3. Google docs.  Once they grasped the concept that every member of a group could edit a single document, students became enthused about using Google as a collaborative workspace.  I turned group discussions into sessions where small groups collaboratively created opinion papers or summarized readings together.  Once done, they could share results with me and …. depending upon the assignment …. with the whole class.  This made group collaboration feasible in a room built for individual work centered around a computer screen.
  4. Online discussion.  I used this sparingly since many students already are burned out by the frequent use of online discussions used to augment face-to-face classes.  I do enough reading of these discussions in my research and hobbies anyway (e.g. the Jedi Temple forums as a – now defunct – example).


If I had it to do all over again, and could not change rooms, I would be more explicit with the students about the changes required by both parties (teacher and student) in the flipped classroom.  While most students made good use of the freedom, some struggled and simply considered any time that I was not lecturing as “free time” with which to do what they wanted.  And Facebook generally trumped self-directed learning of educational technology.  (Not that Facebook wasn’t one of our technologies …. but that is for a later post.)  Some students needed more framing and guidance to be successful in this new teaching environment.  Given that some states (such as Texas) are encouraging teachers to lecture less and encourage group work more, it would behoove pre-service teachers to become more conversant with the theory and practice of this change in pedagogy.

I made the plunge into the world of Minecraft last weekend when I wasn’t invited to a beta testing weekend (for an unnamed MMORPG, but if you know me, you know which one).  Minecraft has been getting a LOT of buzz of late.  Even while it was still in beta, it had millions of users, and teachers were using it in K-12 classes to teach computer science, writing, collaboration (in multiplayer mode), English, and progression of crafting.  It just released into verion 1.0 on the same day I decided to buy a copy, and I have to say that I’m pleased with its functionality and stability so far … although all I’ve played at this point is the singleplayer, survival mode.

What It Is

Minecraft is a sandbox game – which means that it has no rules or set roles.  The player decides what to do and what success means.  At first, this can be a little frustrating because, like life, making choices and giving up other possibilities is a bit of a challenge.  Until you know what you CAN do, it is hard to decide what to try.  So, I took a look around the Internet and the Minecraft wiki to see what other players have been doing.  I was blown away by images of fancy castles, a replica of the Globe Theater, and old-fashioned masted ships.  Ok, so the world really is wide open in this game.  I had a high bar to meet.  And that’s just in creative mode.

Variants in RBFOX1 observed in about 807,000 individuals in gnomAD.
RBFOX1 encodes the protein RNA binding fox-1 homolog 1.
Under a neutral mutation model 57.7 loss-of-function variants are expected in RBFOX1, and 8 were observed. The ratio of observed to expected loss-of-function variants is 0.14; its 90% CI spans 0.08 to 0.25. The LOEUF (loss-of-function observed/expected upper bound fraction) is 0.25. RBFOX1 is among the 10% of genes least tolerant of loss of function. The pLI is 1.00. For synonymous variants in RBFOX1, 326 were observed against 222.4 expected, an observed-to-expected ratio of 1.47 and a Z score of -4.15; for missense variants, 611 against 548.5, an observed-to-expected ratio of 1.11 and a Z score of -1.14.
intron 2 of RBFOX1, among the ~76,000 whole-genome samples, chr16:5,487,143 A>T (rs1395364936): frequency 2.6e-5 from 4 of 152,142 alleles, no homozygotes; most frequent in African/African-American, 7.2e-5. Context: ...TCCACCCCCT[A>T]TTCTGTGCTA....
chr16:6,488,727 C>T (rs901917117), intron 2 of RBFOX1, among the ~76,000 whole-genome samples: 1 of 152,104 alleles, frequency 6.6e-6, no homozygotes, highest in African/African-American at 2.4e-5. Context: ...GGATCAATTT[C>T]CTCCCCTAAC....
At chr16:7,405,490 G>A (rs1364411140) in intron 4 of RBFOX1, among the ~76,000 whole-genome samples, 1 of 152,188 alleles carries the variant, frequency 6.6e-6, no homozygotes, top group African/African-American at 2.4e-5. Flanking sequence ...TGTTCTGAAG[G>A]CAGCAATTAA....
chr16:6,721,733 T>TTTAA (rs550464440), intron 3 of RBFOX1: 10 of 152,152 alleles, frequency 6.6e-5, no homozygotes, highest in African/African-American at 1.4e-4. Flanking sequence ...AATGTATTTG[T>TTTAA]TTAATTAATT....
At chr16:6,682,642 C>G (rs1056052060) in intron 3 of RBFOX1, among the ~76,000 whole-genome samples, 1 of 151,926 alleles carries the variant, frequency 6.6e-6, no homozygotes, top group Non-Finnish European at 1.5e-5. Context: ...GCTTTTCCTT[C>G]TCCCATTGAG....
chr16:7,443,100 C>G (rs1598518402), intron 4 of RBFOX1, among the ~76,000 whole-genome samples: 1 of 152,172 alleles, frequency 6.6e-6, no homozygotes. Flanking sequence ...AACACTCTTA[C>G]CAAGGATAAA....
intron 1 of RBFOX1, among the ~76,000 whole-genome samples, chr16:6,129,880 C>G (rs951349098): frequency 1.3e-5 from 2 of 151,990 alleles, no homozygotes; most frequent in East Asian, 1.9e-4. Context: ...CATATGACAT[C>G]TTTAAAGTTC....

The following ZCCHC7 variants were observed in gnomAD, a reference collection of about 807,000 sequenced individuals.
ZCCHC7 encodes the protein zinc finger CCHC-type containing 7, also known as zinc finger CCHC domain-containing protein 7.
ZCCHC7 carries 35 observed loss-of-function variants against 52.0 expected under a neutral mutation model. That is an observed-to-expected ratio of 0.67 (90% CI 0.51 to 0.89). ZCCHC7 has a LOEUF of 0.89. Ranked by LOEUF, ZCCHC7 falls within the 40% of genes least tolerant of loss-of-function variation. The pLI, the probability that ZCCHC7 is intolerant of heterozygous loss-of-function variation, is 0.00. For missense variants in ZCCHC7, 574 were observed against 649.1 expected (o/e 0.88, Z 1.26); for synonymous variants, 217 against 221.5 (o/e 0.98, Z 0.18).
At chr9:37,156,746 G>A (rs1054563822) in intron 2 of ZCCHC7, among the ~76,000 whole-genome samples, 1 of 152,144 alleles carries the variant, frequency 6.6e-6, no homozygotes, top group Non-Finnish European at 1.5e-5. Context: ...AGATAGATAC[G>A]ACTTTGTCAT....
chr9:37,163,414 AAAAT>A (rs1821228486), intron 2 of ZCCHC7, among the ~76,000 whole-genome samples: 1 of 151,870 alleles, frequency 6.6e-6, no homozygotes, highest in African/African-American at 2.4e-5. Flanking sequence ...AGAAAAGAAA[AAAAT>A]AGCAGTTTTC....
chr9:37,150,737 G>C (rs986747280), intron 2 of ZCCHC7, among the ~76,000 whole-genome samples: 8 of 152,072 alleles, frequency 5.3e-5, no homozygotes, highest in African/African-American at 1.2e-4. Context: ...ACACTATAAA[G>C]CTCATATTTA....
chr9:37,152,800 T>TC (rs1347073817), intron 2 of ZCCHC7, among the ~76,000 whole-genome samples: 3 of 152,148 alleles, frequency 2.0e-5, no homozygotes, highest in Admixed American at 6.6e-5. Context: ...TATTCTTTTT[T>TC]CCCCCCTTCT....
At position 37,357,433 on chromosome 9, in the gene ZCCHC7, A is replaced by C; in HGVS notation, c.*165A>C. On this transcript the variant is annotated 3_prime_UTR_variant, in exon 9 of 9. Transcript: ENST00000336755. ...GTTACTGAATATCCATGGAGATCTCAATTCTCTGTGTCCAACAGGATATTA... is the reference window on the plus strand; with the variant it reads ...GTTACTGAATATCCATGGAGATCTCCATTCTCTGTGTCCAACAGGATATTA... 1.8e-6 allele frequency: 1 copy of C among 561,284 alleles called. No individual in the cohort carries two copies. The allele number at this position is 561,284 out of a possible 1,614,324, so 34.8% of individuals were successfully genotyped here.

You can also play the game in survival mode or hard mode.  So far, I’ve just tried survival mode, which gives a little spice to creativity.  Monsters come out of dark places (like the night and caves) and don’t necessarily go away during the day.  This means that the player must take measures to survive while building and pay attention while exploring.  My character died quite a lot at first, but then I started to develop strategies (with the help of tutorials), buildings, and weapons.  Now, while I need to be cautious, I haven’t lost a great deal of resources or time for a few (real time) days.

Hard mode looks like it plays more like the traditional MMOG with a lot of potential for monsters and fighting.

So, the player can pick the type of game experience desired and set his or her own goals.  In survival mode, the character does level up gradually, with the defeat of monsters and resource animals.  As the player/character progresses, there is a technology tree.  While the educator (and former classics minor) cringes at the use of gold and diamond armor), I am greatly enjoying the challenge of playing a stone-age farmer who is trying to find enough ore to craft iron weapons and armor while also keeping myself fed and housed.

It Ain’t Easy

The best thing is that Minecraft is a challenging game.  Resources are scarce and spread out.  And they are unpredictable.  Unlike World of Warcraft, mobs do not stay in the same place.  Resources spring up in various locations.  Monsters appear randomly – sometimes almost out of nowhere.  There is serious risk/reward assessment to be done, and planning ahead, being prepared, and playing smart are rewarded.